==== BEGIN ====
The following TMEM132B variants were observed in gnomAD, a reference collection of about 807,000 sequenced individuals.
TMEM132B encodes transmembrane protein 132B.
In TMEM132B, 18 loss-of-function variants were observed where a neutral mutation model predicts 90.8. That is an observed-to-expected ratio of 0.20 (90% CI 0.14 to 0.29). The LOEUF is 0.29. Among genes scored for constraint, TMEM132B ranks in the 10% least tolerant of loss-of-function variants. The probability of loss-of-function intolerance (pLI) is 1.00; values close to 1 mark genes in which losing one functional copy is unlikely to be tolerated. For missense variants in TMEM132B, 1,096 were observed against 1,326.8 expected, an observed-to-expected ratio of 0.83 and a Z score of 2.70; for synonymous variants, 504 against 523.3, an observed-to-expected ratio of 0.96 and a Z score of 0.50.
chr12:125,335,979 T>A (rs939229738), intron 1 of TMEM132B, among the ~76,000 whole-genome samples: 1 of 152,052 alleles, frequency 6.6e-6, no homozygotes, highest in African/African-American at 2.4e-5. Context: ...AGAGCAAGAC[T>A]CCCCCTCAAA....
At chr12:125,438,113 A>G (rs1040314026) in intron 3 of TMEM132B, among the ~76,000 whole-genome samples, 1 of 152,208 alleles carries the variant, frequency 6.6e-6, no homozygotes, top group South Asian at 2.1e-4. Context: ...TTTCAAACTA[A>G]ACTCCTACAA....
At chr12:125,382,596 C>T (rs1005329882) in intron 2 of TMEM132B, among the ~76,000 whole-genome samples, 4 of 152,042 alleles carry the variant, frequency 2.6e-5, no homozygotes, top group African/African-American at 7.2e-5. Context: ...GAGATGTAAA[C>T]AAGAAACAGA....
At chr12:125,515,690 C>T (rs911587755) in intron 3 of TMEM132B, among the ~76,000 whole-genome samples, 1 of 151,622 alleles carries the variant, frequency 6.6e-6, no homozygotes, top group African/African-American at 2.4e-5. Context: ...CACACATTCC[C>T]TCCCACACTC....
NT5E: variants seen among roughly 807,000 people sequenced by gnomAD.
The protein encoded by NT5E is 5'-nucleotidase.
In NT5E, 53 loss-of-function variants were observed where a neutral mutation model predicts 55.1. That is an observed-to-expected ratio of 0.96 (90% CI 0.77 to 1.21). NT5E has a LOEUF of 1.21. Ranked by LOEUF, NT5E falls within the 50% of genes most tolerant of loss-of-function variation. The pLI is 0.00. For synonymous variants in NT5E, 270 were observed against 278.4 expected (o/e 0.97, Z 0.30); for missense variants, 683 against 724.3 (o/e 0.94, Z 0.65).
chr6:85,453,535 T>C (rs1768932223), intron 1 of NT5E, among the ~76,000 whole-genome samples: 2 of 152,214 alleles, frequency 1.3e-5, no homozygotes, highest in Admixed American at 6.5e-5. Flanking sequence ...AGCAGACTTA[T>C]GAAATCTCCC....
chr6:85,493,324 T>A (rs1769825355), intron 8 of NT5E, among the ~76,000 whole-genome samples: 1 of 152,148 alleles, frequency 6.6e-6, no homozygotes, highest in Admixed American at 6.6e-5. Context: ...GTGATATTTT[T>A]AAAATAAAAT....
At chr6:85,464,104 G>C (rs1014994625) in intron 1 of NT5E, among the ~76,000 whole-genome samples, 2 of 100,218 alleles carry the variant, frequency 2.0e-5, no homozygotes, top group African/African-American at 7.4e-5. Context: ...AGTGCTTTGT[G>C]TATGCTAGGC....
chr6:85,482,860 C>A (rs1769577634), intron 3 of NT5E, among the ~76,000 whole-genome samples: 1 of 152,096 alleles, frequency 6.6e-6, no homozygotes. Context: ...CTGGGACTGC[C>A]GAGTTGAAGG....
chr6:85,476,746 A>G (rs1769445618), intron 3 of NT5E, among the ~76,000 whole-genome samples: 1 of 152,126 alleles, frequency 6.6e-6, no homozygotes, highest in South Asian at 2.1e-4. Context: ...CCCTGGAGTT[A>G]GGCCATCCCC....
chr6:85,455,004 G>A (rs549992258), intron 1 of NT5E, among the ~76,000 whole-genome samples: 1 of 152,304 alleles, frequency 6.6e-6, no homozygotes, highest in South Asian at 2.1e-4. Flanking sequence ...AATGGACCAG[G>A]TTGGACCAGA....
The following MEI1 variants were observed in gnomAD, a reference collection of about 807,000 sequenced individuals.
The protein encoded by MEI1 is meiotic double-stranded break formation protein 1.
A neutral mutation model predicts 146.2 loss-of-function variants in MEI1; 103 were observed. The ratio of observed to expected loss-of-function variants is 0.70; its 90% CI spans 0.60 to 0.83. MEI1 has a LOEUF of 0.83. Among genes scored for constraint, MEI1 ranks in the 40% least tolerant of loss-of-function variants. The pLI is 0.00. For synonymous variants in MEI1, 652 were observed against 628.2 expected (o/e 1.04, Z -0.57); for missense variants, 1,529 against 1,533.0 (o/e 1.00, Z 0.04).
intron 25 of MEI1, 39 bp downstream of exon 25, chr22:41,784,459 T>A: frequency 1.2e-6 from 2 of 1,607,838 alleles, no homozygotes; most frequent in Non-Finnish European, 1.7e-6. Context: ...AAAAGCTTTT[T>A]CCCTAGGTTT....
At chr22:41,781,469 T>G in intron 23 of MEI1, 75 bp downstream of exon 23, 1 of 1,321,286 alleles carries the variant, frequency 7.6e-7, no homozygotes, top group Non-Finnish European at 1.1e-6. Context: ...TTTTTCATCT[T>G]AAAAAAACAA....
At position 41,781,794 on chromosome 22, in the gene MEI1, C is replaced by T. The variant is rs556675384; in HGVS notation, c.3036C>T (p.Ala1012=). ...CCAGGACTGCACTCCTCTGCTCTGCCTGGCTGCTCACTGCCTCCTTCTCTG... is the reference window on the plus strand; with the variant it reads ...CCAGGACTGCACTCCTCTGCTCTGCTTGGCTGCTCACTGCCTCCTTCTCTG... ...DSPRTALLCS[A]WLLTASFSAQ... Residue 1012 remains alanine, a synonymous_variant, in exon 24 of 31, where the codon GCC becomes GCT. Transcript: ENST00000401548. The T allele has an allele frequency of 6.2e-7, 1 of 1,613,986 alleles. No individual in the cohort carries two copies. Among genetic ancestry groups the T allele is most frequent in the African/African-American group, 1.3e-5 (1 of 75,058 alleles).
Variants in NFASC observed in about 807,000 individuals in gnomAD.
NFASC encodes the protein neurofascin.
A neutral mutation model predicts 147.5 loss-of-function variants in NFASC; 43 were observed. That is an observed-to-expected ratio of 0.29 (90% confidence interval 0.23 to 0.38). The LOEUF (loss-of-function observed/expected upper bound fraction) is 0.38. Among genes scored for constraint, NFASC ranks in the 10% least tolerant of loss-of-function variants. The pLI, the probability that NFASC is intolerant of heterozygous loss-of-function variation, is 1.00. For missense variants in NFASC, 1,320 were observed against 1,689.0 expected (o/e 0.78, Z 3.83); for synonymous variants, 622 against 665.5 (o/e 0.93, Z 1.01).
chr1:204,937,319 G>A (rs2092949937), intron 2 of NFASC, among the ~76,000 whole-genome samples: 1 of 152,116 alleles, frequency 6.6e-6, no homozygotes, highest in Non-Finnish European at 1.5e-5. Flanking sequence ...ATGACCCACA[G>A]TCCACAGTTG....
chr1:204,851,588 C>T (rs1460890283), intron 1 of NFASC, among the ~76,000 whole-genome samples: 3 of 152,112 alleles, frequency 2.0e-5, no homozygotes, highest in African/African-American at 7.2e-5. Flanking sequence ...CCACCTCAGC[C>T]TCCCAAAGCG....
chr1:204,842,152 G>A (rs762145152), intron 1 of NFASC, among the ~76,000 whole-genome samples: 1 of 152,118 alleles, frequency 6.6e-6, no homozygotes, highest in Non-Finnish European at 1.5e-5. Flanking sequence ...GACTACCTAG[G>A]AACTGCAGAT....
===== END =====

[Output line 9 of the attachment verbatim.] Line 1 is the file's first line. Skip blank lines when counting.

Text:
The protein encoded by NT5E is 5'-nucleotidase.